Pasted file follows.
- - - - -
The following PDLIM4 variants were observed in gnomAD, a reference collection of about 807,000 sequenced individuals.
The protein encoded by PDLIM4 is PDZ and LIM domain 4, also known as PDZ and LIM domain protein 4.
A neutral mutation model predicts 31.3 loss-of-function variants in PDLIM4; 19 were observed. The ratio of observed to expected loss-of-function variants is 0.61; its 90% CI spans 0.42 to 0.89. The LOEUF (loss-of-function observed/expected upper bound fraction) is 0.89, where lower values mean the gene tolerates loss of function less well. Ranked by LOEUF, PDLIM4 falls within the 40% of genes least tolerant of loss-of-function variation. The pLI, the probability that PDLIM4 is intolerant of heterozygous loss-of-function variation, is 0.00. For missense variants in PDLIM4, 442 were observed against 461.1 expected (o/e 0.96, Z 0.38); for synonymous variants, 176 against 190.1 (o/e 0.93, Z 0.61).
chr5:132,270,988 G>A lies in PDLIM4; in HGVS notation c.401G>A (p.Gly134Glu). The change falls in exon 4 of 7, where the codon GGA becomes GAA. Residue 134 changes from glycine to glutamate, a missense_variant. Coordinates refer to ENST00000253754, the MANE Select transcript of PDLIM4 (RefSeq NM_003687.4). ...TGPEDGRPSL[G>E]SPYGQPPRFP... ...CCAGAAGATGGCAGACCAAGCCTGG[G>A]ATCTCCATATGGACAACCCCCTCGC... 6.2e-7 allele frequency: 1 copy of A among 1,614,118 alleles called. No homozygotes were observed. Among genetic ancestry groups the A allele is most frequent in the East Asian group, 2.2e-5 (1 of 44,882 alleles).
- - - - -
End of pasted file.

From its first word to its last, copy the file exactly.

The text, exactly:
The following PDLIM4 variants were observed in gnomAD, a reference collection of about 807,000 sequenced individuals.
The protein encoded by PDLIM4 is PDZ and LIM domain 4, also known as PDZ and LIM domain protein 4.
A neutral mutation model predicts 31.3 loss-of-function variants in PDLIM4; 19 were observed. The ratio of observed to expected loss-of-function variants is 0.61; its 90% CI spans 0.42 to 0.89. The LOEUF (loss-of-function observed/expected upper bound fraction) is 0.89, where lower values mean the gene tolerates loss of function less well. Ranked by LOEUF, PDLIM4 falls within the 40% of genes least tolerant of loss-of-function variation. The pLI, the probability that PDLIM4 is intolerant of heterozygous loss-of-function variation, is 0.00. For missense variants in PDLIM4, 442 were observed against 461.1 expected (o/e 0.96, Z 0.38); for synonymous variants, 176 against 190.1 (o/e 0.93, Z 0.61).
chr5:132,270,988 G>A lies in PDLIM4; in HGVS notation c.401G>A (p.Gly134Glu). The change falls in exon 4 of 7, where the codon GGA becomes GAA. Residue 134 changes from glycine to glutamate, a missense_variant. Coordinates refer to ENST00000253754, the MANE Select transcript of PDLIM4 (RefSeq NM_003687.4). ...TGPEDGRPSL[G>E]SPYGQPPRFP... ...CCAGAAGATGGCAGACCAAGCCTGG[G>A]ATCTCCATATGGACAACCCCCTCGC... 6.2e-7 allele frequency: 1 copy of A among 1,614,118 alleles called. No homozygotes were observed. Among genetic ancestry groups the A allele is most frequent in the East Asian group, 2.2e-5 (1 of 44,882 alleles).